People connect over online games, conversations during quarantine


Photo by SCREEN POST on Unsplash

The video game industry was worth $11.6 billion total in January.

Lizzie Stone, Staff Writer

Since meeting in person isn’t always a safe option, students have struggled to keep in touch with friends. As a result, many have turned to online games and chats instead. 

Sophomore Tanya Dubey is one of the many people that began meeting up with their friends online since quarantine started. 

“I wouldn’t say meeting virtually was very difficult to transition to since all my friends have social media,” Dubey said. “It was actually quite easy to have conversations with them at any time.”

While Dubey uses more common social media such as Instagram, other applications have risen in popularity such as Discord, a messaging app primarily used for gaming. Discord currently has 100 million monthly users, and almost one-third of them use the platform just for messaging.

“I use Discord with my friends all the time,” junior Julia Rodrigues said. “I used it before quarantine, but my friends and I were definitely on it more after we stopped being able to meet in person.”

Many people use the app to host multiplayer games. Web games have multiplayer features that are often enhanced by Discord voice chats. Users can also share their screens or stream music to their friends.

“My friend group texts a lot and we sometimes do voice calls or movie nights through Discord,” senior Marie Hesse said. “We play an online game called sometimes, which is essentially pictionary on the computer.”

Similarly, others have turned to online video games to find virtual hangout spaces. Video game sales increased by 30% between April and June of last year, reaching $11.6 billion in January.

“My friends and I played new games that we didn’t already have,” Rodrigues said. “Some of us bought Among Us, and I bought a Minecraft account to play with them.”

Minecraft is a sandbox game with multiplayer features. It was a popular choice for virtual events with Minecraft proms and graduations going viral on social media last spring. Additionally, there are countless other games that offer a variety of online experiences to keep in touch with friends and meet new ones.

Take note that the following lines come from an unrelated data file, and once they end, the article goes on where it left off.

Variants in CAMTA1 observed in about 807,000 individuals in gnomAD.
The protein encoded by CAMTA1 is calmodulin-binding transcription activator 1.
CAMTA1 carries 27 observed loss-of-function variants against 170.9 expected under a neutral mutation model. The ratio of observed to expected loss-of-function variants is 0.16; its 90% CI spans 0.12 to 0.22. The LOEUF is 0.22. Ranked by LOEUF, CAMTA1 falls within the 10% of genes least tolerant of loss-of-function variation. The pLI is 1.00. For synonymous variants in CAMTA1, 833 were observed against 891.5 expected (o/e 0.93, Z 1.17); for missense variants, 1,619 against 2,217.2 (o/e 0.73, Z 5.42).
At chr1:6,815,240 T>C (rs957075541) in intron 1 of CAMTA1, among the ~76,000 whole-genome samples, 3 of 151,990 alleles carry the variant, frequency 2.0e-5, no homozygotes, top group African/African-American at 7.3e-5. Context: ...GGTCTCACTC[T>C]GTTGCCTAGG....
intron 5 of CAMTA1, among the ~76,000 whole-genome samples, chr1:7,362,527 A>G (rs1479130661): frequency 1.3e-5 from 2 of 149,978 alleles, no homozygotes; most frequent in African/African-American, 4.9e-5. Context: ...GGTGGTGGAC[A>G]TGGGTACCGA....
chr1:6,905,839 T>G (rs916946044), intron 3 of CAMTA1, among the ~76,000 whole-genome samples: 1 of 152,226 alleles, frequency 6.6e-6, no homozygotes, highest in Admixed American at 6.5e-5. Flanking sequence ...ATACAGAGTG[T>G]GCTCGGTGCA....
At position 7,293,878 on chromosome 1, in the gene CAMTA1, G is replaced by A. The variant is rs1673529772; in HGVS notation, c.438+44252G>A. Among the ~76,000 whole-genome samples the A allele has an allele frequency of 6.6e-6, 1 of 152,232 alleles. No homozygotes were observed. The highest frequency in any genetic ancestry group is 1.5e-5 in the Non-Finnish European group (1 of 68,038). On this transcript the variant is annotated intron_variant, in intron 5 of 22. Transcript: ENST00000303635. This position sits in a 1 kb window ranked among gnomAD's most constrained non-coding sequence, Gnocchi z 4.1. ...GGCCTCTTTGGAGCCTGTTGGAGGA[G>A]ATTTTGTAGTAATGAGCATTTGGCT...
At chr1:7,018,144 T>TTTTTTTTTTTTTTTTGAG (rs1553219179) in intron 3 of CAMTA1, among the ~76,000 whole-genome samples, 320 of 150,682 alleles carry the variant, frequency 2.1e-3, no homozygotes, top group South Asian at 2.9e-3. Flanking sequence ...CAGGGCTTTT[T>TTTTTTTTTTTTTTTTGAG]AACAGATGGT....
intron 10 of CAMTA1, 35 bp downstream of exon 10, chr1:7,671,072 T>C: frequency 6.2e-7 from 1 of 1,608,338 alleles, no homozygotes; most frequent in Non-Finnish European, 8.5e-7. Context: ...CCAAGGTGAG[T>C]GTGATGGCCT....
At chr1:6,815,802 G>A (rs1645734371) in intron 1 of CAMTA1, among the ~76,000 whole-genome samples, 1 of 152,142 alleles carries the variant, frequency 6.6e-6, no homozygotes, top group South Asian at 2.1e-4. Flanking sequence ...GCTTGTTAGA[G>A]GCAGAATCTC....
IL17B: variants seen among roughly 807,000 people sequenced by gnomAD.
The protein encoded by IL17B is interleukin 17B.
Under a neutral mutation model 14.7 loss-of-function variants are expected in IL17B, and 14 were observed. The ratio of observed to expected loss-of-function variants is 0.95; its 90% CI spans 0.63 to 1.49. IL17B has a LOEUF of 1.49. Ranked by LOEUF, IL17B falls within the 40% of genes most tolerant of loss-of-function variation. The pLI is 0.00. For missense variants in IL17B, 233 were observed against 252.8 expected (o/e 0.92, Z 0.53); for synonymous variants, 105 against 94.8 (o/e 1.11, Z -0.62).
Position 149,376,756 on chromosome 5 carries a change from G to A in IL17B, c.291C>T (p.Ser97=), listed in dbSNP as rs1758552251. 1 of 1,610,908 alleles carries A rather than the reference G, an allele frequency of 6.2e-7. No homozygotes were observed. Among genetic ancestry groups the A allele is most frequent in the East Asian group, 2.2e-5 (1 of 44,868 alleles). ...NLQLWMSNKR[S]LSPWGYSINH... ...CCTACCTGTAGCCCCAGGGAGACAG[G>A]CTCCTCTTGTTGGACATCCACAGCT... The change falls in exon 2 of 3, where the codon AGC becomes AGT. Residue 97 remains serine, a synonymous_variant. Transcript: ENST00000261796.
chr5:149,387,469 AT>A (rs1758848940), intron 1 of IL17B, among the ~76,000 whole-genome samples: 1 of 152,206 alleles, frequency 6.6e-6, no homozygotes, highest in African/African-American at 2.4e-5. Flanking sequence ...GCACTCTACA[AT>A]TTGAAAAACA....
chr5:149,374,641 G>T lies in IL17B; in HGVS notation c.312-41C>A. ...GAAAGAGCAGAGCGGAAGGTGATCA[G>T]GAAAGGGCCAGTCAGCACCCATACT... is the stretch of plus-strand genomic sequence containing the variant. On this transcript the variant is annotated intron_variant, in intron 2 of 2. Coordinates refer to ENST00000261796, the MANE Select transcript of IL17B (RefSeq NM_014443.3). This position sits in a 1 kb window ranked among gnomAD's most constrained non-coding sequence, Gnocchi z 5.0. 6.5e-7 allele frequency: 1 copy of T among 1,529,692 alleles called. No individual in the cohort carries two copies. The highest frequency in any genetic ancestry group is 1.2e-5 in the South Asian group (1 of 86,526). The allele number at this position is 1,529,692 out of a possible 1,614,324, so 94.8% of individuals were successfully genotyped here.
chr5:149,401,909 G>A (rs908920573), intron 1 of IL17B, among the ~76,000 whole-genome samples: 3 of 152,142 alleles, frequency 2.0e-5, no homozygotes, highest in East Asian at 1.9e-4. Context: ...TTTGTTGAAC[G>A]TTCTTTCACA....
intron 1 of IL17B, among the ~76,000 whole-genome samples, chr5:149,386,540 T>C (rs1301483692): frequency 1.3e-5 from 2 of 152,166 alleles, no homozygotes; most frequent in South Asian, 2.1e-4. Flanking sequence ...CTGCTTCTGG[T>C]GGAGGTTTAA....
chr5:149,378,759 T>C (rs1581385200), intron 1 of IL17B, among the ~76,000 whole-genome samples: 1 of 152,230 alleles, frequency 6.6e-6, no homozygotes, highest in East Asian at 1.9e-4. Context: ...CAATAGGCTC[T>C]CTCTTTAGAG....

“I have started to play a few different games such as Call of Duty and Rocket League,” said Dubey. “It’s great to use your free time on, but you can get obsessed. Also it’s the most safe form of communication you can have during quarantine.”

Virtual spaces are convenient right now, but replicating real life interactions can be difficult. People are limited to what their technology can accomplish, and some don’t have access to microphones or cameras or the hardware to run games. Online socialization is unique and sometimes a less personal connection because people often can’t see each other face to face.

“Online interaction is not enough,” Rodrigues said. “I really miss my friends.”

Researchers have attempted to understand the effect quarantine is having on regular people throughout its duration. A survey from Swinburne University of Technology found that 2 out of 3 people in American and Britain reported feeling lonelier during the pandemic. People also had more mental health issues including depression, anxiety and stress.

Maintaining connections with friends online helps us stay sane,” Hesse said. “Staying connected with the people you love is extremely important, especially during quarantine.”